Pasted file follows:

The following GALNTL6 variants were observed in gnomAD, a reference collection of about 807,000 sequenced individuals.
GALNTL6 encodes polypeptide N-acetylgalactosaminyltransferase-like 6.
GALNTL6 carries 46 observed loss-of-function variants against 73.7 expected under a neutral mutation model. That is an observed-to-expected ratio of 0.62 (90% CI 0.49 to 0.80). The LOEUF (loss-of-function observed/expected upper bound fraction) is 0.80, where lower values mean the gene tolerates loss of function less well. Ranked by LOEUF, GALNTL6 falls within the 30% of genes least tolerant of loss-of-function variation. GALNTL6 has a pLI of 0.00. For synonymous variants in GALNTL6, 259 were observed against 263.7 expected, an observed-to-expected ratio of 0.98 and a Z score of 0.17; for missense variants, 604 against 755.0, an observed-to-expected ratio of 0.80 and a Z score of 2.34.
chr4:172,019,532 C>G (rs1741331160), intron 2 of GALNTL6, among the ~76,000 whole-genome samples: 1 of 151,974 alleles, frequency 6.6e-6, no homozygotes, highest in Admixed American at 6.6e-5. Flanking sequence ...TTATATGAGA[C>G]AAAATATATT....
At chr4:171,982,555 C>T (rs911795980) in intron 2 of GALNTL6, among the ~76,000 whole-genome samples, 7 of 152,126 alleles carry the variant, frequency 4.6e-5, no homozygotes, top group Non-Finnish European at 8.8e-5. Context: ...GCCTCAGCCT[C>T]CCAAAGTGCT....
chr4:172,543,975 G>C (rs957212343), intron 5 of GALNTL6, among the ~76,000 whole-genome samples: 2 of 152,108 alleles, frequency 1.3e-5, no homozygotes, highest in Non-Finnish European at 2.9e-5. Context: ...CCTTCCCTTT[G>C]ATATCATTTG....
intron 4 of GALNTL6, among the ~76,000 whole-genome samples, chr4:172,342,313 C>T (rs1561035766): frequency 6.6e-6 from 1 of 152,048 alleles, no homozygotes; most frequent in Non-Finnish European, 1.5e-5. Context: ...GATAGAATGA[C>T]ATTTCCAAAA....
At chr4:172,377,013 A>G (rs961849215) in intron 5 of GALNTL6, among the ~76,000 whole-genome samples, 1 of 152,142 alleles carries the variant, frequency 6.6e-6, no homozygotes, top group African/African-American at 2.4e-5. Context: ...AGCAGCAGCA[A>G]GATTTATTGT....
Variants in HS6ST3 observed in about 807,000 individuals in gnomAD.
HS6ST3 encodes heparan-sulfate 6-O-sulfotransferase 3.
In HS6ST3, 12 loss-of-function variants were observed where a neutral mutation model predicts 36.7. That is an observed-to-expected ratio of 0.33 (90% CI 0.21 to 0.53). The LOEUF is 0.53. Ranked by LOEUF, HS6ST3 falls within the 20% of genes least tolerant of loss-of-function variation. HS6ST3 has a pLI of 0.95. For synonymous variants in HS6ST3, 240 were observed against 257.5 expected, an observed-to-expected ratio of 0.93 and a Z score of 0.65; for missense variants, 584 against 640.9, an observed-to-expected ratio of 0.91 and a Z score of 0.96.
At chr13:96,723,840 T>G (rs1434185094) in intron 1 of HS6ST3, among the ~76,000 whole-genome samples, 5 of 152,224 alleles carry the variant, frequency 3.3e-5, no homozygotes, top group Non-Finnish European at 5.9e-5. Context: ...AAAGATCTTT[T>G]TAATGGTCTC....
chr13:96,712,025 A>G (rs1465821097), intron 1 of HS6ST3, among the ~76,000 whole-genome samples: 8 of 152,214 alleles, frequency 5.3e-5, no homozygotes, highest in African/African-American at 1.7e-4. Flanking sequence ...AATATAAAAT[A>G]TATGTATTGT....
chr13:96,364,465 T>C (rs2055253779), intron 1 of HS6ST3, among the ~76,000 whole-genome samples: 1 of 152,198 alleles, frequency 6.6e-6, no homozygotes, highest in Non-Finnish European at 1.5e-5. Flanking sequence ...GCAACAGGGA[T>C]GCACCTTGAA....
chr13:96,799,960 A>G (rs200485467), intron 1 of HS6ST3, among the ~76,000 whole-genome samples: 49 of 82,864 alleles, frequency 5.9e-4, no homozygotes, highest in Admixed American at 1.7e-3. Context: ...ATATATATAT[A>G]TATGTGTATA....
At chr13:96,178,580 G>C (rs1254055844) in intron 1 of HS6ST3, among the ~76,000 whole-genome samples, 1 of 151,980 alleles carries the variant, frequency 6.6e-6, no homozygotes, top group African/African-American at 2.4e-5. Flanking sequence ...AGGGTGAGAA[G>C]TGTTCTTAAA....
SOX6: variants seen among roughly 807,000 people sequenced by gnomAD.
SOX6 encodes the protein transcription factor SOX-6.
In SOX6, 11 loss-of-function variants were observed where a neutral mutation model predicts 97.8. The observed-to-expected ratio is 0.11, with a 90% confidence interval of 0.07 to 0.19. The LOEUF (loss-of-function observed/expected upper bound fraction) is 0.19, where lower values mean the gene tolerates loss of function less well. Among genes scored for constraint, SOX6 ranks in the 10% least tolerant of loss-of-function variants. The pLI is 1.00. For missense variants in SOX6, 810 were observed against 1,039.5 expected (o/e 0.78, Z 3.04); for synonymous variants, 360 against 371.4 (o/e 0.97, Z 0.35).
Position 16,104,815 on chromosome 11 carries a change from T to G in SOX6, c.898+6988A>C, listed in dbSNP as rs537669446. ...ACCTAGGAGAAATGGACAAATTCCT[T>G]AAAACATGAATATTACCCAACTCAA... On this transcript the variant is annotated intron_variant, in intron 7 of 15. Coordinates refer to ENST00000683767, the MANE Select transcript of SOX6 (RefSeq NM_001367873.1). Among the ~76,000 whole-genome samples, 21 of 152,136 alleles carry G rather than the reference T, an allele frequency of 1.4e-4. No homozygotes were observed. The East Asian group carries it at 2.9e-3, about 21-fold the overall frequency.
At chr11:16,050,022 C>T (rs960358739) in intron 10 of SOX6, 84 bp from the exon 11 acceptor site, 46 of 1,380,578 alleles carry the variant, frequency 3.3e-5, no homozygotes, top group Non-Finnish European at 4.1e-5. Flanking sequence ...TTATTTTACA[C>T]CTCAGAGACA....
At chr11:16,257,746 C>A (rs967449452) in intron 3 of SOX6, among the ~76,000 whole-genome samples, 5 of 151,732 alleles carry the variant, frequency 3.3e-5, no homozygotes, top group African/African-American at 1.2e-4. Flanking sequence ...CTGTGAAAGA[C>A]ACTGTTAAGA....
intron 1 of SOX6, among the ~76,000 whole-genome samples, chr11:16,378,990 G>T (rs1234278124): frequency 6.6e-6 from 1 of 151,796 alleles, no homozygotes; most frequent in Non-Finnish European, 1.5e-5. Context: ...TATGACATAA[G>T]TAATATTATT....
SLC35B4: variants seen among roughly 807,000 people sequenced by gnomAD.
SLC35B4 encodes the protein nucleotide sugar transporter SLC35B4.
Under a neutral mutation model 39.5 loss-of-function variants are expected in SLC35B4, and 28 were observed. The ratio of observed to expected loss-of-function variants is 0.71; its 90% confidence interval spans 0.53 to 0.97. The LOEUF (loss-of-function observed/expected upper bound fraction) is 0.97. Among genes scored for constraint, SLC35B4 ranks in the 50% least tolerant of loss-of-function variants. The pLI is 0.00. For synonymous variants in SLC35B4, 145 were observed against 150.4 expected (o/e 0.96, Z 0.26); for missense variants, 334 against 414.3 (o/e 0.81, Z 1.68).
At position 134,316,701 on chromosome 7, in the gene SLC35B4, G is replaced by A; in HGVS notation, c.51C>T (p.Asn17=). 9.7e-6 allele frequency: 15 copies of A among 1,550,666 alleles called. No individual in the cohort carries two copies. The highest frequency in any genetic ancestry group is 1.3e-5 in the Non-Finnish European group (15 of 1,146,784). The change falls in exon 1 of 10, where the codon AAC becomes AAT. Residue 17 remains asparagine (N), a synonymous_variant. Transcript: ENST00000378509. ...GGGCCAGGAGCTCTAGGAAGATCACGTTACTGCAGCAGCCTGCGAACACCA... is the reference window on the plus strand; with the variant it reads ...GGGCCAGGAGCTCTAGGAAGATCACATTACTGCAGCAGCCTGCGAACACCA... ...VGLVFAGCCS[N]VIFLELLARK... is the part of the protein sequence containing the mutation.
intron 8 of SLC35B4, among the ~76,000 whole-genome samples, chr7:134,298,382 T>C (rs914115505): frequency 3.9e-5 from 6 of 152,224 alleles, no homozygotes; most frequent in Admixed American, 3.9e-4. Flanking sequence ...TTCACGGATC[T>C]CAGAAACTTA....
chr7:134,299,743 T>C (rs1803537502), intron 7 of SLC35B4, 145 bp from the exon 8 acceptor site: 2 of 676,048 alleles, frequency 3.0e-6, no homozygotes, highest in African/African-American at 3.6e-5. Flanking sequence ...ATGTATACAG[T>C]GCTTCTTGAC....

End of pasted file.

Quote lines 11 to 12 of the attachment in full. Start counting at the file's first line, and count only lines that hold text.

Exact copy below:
In HS6ST3, 12 loss-of-function variants were observed where a neutral mutation model predicts 36.7. That is an observed-to-expected ratio of 0.33 (90% CI 0.21 to 0.53). The LOEUF is 0.53. Ranked by LOEUF, HS6ST3 falls within the 20% of genes least tolerant of loss-of-function variation. HS6ST3 has a pLI of 0.95. For synonymous variants in HS6ST3, 240 were observed against 257.5 expected, an observed-to-expected ratio of 0.93 and a Z score of 0.65; for missense variants, 584 against 640.9, an observed-to-expected ratio of 0.91 and a Z score of 0.96.
At chr13:96,723,840 T>G (rs1434185094) in intron 1 of HS6ST3, among the ~76,000 whole-genome samples, 5 of 152,224 alleles carry the variant, frequency 3.3e-5, no homozygotes, top group Non-Finnish European at 5.9e-5. Context: ...AAAGATCTTT[T>G]TAATGGTCTC....